Jon Wade on the launch of Weber Shandwick's I/O

Weber Shandwick Asia-Pacific has launched an integrated content marketing arm it calls I/O and appointed Jonathan Wade to lead it as president. He also shares about his role as the PR firm's regional ECD.

Jonathan Wade
Jonathan Wade

Weber Shandwick Asia-Pacific has corralled several of its offerings, including content arm Mediaco, its digital team and Innovation Lab, and launched it as a practice it calls Weber Shandwick I/O (which stands for integrated operations).

The practice brings together a team of 100 staff across six hubs in Asia and represents about 20 per cent of the agency’s revenues in Asia-Pacific (when measured as integrated content marketing). Globally, that figure is 30 per cent.

As part of the practice’s soft launch at the start of the year, WS promoted Jonathan Wade to president of Weber Shandwick I/O and ECD of Weber Shandwick. Wade was previously ECD and president of CMG Worx, IPG’s creative technology arm.

Jye Smith, SVP digital Asia-Pacific has likewise taken on the additional role of head of strategy for I/O.

"What we’ve done is restructure our services to allow us to put an emphasis around creativity, particularly, creative technology," Wade told PRWeek Asia.

This emphasis on creativity lead Wade to his other role, that of ECD. "It’s a route a lot of PR agencies are going down now and they’re competing with lots of different agency disciplines," he said. "Creativity and ideas have always been important to PR but even more so now that the agencies pitch for work outside standard communications."

As ECD, Wade is responsible for the creative resources the agency plans to launch, not just for "work that’s already been done". "One of the things that’s changed a lot in PR is the move away from words and more into visual comms. We’ve been talking quite a long time now about the role of visual communications in influencing people and the skill has traditionally sat in the ad agencies. That’s changed. My role now spans both copy and art."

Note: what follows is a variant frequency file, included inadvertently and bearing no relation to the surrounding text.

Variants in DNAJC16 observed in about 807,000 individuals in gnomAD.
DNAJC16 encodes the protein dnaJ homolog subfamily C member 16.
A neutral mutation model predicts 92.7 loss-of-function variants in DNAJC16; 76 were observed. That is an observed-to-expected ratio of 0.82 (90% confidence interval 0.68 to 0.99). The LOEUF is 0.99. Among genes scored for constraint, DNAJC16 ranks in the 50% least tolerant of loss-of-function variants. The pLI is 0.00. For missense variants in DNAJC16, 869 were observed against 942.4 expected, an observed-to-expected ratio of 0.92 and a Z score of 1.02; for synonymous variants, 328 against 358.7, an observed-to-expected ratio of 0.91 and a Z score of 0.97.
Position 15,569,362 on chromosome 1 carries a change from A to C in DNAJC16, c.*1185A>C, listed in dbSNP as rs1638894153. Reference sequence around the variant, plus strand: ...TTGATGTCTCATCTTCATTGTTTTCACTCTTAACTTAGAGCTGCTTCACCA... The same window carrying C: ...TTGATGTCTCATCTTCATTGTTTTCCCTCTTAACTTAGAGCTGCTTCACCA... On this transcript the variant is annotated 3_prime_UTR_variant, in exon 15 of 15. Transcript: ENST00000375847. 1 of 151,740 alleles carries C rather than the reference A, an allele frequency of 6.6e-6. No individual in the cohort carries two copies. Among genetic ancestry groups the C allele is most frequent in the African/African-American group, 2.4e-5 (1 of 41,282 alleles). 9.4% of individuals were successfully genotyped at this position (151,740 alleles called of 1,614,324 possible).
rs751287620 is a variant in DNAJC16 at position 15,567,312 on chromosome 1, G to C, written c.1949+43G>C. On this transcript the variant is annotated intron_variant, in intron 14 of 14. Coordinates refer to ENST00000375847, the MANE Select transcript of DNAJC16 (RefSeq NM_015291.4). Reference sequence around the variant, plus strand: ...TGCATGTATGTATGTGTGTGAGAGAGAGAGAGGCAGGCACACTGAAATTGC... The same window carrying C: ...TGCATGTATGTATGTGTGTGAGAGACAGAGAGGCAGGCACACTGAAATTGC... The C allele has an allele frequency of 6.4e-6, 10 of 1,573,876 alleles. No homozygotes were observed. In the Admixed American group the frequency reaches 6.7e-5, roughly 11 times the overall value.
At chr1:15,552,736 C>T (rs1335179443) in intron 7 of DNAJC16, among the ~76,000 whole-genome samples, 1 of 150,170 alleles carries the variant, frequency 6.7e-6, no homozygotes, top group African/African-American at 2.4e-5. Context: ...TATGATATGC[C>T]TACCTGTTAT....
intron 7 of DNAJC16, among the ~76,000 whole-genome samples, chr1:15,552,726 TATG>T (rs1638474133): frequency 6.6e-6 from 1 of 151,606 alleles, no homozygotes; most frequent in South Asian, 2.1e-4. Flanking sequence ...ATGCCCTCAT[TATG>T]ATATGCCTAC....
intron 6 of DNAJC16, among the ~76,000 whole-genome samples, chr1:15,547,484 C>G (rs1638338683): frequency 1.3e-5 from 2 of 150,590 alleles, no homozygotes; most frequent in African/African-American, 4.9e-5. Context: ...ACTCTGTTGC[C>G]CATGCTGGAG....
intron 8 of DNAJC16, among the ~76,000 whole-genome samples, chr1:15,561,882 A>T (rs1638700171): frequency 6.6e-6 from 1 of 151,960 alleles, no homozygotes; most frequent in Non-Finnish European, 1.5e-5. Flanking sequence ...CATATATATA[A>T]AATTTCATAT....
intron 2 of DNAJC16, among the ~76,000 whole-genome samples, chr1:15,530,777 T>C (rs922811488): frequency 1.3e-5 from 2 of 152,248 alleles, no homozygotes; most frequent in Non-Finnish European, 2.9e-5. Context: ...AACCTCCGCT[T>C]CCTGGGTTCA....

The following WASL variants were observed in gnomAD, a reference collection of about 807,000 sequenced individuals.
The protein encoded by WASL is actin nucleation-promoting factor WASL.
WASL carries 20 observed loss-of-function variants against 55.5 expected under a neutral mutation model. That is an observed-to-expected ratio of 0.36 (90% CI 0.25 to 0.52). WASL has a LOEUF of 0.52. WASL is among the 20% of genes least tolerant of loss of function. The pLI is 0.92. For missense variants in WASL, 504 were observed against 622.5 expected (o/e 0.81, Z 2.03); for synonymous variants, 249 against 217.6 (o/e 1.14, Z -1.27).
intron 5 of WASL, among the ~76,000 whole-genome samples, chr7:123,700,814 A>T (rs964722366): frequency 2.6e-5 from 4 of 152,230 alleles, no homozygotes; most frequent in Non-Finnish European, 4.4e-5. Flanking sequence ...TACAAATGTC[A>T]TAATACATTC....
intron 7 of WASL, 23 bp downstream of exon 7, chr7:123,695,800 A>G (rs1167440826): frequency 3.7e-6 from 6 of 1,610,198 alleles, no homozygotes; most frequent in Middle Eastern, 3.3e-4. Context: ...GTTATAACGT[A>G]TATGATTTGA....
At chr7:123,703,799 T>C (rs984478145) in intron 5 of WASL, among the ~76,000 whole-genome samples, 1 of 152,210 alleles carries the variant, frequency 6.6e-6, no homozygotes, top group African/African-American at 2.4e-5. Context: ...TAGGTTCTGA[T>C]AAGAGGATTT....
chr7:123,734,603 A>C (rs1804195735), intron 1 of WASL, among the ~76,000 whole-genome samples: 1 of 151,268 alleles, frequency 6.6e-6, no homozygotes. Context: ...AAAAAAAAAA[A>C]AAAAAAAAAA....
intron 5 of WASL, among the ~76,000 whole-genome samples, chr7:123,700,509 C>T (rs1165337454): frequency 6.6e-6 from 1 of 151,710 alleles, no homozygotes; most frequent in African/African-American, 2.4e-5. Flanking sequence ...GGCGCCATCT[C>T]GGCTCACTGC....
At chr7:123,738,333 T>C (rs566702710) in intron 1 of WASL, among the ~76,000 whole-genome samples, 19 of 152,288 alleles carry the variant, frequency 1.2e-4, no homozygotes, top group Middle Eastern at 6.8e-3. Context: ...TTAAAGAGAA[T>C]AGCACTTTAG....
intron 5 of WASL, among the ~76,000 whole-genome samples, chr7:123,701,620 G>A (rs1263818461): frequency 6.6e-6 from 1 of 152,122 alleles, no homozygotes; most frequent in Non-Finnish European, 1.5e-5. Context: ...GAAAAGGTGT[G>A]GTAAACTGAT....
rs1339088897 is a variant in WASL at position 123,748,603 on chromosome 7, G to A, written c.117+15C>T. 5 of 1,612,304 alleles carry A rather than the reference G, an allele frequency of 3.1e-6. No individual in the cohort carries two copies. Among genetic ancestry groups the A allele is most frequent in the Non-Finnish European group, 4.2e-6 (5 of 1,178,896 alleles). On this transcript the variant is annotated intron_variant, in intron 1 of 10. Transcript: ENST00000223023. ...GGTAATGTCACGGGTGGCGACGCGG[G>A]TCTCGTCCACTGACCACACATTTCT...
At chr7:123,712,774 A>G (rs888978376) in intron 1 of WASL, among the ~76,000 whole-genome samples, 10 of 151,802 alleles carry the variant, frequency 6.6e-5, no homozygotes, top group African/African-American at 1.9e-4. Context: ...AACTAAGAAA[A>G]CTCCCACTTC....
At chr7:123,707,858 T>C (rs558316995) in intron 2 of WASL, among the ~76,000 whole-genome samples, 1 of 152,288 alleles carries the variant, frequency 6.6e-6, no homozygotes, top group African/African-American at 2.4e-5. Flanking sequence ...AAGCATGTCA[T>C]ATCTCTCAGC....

The difference between I/O and Mediaco, he continued, is best expressed by the work the agency is pitching for. "We’re looking at work that extends beyond brand publishing, that is involved with launching new brands such as the launch of Crayola in Japan."

Another example of the type of work I/O is looking to do more of is its work with Spotify as part of its partnership with the upcoming event, The Music Run in Singapore. The run is a global movement featuring an un-timed non-competitive 5km fun run split into five 1km music zones, each with a different music genre: Rock, Pop, Old School, Hip Hop and Dance. Each zone’s playlist is selected via Spotify.

"Our challenge was to connect runners to the music in an immersive and personal way," said Aki Takahashi, head of consumer marketing Asia-Pacific for Spotify. So the team at Spotify collaborated with WS’ creative tech team to create a new app that would invite users to vote and share their favourite songs on the event playlists. "This would result in crowd-sourced playlists specifically for the event."

Despite its new emphasis on being creative-led, WS I/O will continue to approach client briefs from the point-of-view of public relations, said Wade. "Whereas in an ad agency, a key visual, tagline or big idea would drive planning, our is build around a sustained series of communications that’s continually going out. It’s a publishing mindset."


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